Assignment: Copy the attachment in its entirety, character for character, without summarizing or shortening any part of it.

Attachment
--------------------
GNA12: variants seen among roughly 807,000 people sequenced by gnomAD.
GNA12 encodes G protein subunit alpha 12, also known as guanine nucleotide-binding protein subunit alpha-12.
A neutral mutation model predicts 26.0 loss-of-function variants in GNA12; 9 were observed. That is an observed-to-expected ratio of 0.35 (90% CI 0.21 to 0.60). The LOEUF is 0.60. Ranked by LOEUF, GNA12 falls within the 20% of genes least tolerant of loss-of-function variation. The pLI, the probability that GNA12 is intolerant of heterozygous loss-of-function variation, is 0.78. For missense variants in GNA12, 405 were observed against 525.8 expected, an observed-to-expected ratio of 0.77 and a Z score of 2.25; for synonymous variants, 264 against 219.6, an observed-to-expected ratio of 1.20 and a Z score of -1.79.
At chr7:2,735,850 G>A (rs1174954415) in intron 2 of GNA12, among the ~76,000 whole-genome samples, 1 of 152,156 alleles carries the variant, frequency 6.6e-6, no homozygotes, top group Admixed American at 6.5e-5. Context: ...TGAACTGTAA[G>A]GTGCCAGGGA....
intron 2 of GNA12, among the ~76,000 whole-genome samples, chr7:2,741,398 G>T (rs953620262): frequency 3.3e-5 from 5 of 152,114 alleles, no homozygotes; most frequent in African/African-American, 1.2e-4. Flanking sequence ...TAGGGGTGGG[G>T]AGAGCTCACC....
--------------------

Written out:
GNA12: variants seen among roughly 807,000 people sequenced by gnomAD.
GNA12 encodes G protein subunit alpha 12, also known as guanine nucleotide-binding protein subunit alpha-12.
A neutral mutation model predicts 26.0 loss-of-function variants in GNA12; 9 were observed. That is an observed-to-expected ratio of 0.35 (90% CI 0.21 to 0.60). The LOEUF is 0.60. Ranked by LOEUF, GNA12 falls within the 20% of genes least tolerant of loss-of-function variation. The pLI, the probability that GNA12 is intolerant of heterozygous loss-of-function variation, is 0.78. For missense variants in GNA12, 405 were observed against 525.8 expected, an observed-to-expected ratio of 0.77 and a Z score of 2.25; for synonymous variants, 264 against 219.6, an observed-to-expected ratio of 1.20 and a Z score of -1.79.
At chr7:2,735,850 G>A (rs1174954415) in intron 2 of GNA12, among the ~76,000 whole-genome samples, 1 of 152,156 alleles carries the variant, frequency 6.6e-6, no homozygotes, top group Admixed American at 6.5e-5. Context: ...TGAACTGTAA[G>A]GTGCCAGGGA....
intron 2 of GNA12, among the ~76,000 whole-genome samples, chr7:2,741,398 G>T (rs953620262): frequency 3.3e-5 from 5 of 152,114 alleles, no homozygotes; most frequent in African/African-American, 1.2e-4. Flanking sequence ...TAGGGGTGGG[G>T]AGAGCTCACC....